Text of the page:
The Honda Civic is the car that proved that small cars can be good to drive, appeal to the masses, and not be entirely soulless. Honda's ninth-generation Civic debuts for the 2012 model year, but unless you look closely, you might not notice. Both inside and out, the Civic retains signature cues from the previous car, with a single-arc profile and a two-tier dashboard. For the sedan, there are few changes to report under the hood, either, as the 1.8-liter four-cylinder and five-speed automatic carry over. The sporty Si does get a new engine -- a 201-hp, 2.4-liter four-cylinder -- and eco-warriors now have the choice of the HF sedan (41 mpg highway) or the Hybrid (44 mpg combined). The Civic uses a multilink rear suspension that is more planted and comfortable than the torsion-beam arrangements used by its competitors from Chevrolet, Hyundai, and Toyota, making it one of the better-driving small cars. Inside, however, the Civic has lost some ground to its competitors, with plastics that are not very appealing and a navigation system with fiddly buttons. Still, the cabin feels spacious; the engineers from Honda managed to carve an additional 3.7 cubic feet of interior volume from an exterior that's unchanged in size. A 60/40-split rear seat means that even coupe models can carry large items. The Civic used to stand apart from its competitors, but that's no longer the case. However, we can't discount the Civic's competent road manners, reliability, and stellar resale value.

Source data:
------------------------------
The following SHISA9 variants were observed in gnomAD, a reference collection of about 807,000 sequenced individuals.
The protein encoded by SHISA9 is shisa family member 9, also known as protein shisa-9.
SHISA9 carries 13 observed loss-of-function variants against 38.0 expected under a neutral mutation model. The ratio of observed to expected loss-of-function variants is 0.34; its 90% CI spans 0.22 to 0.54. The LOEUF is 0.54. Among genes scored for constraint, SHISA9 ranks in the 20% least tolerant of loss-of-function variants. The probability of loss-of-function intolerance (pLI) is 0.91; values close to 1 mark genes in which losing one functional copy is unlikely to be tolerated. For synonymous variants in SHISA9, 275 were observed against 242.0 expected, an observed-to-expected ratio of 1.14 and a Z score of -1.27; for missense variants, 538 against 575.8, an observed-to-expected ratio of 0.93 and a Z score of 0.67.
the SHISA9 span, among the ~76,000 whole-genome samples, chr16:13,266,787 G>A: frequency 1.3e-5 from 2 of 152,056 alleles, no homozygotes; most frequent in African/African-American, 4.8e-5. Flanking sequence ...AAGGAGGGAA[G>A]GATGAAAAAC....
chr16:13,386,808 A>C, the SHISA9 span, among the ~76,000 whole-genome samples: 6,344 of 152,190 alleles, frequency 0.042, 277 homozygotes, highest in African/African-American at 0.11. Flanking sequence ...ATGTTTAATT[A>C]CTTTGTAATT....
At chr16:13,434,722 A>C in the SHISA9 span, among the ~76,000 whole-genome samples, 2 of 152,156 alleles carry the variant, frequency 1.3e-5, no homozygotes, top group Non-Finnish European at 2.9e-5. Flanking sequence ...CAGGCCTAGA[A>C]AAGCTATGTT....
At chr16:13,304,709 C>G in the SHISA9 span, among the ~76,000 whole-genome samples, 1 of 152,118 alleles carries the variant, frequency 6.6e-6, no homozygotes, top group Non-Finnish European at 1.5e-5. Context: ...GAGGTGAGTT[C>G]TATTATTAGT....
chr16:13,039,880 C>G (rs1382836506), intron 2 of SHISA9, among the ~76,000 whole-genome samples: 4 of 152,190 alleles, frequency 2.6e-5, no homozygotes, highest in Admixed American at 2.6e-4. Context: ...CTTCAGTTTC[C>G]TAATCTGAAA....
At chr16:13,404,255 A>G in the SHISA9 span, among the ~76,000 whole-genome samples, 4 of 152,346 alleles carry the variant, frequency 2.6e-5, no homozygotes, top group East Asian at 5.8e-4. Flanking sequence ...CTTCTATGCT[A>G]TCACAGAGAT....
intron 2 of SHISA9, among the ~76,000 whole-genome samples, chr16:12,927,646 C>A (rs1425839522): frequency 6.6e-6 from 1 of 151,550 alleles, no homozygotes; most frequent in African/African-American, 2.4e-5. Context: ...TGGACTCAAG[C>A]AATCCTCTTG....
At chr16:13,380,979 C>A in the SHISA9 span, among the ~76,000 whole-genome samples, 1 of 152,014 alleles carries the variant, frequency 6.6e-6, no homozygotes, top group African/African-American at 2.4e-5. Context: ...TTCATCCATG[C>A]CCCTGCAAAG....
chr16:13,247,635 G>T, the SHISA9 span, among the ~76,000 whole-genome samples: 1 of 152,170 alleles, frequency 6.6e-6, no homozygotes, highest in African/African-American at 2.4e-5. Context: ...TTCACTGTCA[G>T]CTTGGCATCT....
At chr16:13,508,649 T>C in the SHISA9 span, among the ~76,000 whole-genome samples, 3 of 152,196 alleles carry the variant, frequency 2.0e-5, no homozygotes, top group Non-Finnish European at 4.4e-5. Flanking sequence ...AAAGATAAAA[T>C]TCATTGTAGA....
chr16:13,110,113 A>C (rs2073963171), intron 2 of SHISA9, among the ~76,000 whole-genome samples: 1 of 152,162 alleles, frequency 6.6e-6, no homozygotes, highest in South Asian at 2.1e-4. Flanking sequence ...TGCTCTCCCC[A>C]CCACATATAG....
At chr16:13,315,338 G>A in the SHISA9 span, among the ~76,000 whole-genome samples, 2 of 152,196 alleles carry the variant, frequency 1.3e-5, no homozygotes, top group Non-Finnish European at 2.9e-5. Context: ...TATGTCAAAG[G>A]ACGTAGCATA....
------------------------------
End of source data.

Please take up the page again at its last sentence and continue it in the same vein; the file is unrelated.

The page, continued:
2012 Honda Civic Natural Gas Sedan Front Three Quarters Right
The Honda Civic has won the November sales battle in the compact car segment by posting 30,075 units. In second place was the Toyota Corolla, which was about 8000 units behind the Honda. Despite criticism that the ninth-generation Civic was bland and not new enough, it has continued to post strong sales numbers, including a record-shattering November (Honda says it’s the Civic’s best November since 1990). It will be interesting to see how consumers respond to the revamped 2013 Honda Civic and, with only one month left for 2012 sales, the Civic will likely take the year-to-date sales crown with November boosting the total to 284,791, more than 18,000 above the Corolla’s total. The Chevrolet Cruze missed out on the podium last month, posting 16,807 sales for a fourth-place finish. General Motors pegged the drop on the relief efforts occurring in the areas affected by Hurricane Sandy, stating that its competitors usually have better sales in those regions. That said, the Ford Focus jumps into the number three spot with 18,312 sold for the month of November. In fifth and sixth are the Hyundai Elantra and Volkswagen Jetta with 15,923 and 14,259 units, respectively. The Jetta continues to be the brand’s volume leader and VW expects the upcoming hybrid model to improve those numbers. The Mazda3 experienced its best November ever with 9841 and the Sentra lands in the eighth spot with 7176 units.